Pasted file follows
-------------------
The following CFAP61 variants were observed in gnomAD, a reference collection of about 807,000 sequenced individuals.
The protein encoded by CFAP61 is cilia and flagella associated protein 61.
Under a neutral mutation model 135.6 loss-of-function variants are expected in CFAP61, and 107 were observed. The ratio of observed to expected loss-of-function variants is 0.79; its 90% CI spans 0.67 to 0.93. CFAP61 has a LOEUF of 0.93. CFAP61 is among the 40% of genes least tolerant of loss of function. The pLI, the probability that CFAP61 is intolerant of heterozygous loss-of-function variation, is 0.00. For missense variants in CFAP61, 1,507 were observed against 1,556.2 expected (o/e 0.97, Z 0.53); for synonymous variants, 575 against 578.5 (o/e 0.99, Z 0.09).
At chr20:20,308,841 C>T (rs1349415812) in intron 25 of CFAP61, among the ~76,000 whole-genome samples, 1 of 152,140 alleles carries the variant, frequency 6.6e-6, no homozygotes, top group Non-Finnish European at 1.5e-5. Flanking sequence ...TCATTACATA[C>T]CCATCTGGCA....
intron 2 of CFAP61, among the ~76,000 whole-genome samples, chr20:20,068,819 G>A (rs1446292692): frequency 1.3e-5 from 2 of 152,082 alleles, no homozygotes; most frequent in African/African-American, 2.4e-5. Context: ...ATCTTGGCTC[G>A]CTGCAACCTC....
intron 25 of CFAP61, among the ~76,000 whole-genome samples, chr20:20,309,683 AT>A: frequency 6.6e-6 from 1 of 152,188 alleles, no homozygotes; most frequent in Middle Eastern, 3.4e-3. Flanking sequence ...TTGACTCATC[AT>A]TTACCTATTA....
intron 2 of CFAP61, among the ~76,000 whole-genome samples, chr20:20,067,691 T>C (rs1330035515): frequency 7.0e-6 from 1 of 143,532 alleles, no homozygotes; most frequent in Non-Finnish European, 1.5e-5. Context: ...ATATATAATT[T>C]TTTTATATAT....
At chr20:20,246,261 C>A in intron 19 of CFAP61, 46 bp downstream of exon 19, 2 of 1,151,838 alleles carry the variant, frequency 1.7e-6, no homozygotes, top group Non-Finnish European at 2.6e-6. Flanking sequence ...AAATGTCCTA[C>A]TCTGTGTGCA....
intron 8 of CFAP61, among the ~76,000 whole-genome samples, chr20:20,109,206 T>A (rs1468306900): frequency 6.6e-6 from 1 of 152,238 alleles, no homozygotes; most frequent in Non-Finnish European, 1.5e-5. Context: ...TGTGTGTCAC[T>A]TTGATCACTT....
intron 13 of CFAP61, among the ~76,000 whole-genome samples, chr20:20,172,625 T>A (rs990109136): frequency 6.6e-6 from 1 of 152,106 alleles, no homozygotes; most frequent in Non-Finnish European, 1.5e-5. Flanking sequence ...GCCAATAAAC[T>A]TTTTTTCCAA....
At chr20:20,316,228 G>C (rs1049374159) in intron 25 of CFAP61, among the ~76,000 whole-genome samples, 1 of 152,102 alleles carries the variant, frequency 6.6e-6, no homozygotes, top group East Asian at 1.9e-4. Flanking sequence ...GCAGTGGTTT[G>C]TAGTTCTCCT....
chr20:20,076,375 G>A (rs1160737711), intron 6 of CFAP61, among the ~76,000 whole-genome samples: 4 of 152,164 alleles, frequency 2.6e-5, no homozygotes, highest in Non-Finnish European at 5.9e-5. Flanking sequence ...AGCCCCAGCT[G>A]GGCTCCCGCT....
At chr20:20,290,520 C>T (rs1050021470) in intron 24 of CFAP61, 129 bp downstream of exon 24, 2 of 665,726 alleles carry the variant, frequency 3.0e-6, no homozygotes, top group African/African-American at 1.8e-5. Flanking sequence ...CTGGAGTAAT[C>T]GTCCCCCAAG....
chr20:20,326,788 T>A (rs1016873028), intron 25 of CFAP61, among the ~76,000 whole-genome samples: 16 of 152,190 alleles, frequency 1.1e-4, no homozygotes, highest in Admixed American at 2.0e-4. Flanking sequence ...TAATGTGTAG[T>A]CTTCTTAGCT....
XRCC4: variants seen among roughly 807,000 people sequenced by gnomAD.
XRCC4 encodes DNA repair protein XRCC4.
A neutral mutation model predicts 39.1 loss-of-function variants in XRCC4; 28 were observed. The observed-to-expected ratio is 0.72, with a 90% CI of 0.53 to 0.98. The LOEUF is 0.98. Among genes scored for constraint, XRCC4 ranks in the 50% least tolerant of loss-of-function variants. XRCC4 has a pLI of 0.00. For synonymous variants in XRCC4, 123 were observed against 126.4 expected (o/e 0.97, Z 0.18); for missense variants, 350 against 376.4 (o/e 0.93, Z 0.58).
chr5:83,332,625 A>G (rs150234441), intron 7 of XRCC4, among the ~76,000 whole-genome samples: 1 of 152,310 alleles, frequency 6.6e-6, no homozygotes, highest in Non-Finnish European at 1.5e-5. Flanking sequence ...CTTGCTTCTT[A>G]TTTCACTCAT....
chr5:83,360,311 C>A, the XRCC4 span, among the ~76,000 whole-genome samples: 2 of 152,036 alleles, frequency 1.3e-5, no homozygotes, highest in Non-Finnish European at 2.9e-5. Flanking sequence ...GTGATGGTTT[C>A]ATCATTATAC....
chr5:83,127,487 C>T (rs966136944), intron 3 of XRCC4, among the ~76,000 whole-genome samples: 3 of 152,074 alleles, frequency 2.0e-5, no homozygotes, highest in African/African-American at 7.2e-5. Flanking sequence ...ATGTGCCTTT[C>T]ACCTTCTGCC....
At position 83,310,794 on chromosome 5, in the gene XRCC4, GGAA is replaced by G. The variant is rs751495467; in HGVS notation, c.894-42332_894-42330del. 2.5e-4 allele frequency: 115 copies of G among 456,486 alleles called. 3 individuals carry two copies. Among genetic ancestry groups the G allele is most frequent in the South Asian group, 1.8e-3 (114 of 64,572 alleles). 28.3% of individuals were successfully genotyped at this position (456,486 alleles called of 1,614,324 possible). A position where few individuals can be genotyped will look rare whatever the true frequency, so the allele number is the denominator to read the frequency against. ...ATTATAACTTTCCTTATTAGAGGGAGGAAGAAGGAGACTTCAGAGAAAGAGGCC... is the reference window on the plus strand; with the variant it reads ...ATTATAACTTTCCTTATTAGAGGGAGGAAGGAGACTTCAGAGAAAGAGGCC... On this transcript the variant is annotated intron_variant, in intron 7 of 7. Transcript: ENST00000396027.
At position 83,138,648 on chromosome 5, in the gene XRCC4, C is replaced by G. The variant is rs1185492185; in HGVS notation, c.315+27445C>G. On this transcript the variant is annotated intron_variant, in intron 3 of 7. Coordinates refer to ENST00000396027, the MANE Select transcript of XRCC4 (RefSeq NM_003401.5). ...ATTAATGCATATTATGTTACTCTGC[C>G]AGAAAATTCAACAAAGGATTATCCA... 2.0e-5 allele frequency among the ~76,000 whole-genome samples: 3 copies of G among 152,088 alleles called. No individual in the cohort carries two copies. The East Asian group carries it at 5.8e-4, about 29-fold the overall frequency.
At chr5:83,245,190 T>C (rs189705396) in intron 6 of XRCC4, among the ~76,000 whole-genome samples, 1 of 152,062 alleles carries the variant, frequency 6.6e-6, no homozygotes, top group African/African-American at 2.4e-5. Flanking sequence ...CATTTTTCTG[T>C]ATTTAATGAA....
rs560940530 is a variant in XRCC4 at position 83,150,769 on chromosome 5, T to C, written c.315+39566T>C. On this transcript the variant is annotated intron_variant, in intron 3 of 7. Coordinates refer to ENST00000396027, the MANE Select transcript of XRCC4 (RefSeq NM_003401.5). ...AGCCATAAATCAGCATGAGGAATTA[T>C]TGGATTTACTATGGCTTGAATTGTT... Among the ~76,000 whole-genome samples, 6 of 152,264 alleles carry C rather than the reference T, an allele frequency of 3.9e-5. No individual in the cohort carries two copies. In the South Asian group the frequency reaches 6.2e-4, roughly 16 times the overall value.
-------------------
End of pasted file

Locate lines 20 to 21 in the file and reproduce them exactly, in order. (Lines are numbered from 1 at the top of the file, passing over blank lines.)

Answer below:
chr5:83,127,487 C>T (rs966136944), intron 3 of XRCC4, among the ~76,000 whole-genome samples: 3 of 152,074 alleles, frequency 2.0e-5, no homozygotes, highest in African/African-American at 7.2e-5. Flanking sequence ...ATGTGCCTTT[C>T]ACCTTCTGCC....
At position 83,310,794 on chromosome 5, in the gene XRCC4, GGAA is replaced by G. The variant is rs751495467; in HGVS notation, c.894-42332_894-42330del. 2.5e-4 allele frequency: 115 copies of G among 456,486 alleles called. 3 individuals carry two copies. Among genetic ancestry groups the G allele is most frequent in the South Asian group, 1.8e-3 (114 of 64,572 alleles). 28.3% of individuals were successfully genotyped at this position (456,486 alleles called of 1,614,324 possible). A position where few individuals can be genotyped will look rare whatever the true frequency, so the allele number is the denominator to read the frequency against. ...ATTATAACTTTCCTTATTAGAGGGAGGAAGAAGGAGACTTCAGAGAAAGAGGCC... is the reference window on the plus strand; with the variant it reads ...ATTATAACTTTCCTTATTAGAGGGAGGAAGGAGACTTCAGAGAAAGAGGCC... On this transcript the variant is annotated intron_variant, in intron 7 of 7. Transcript: ENST00000396027.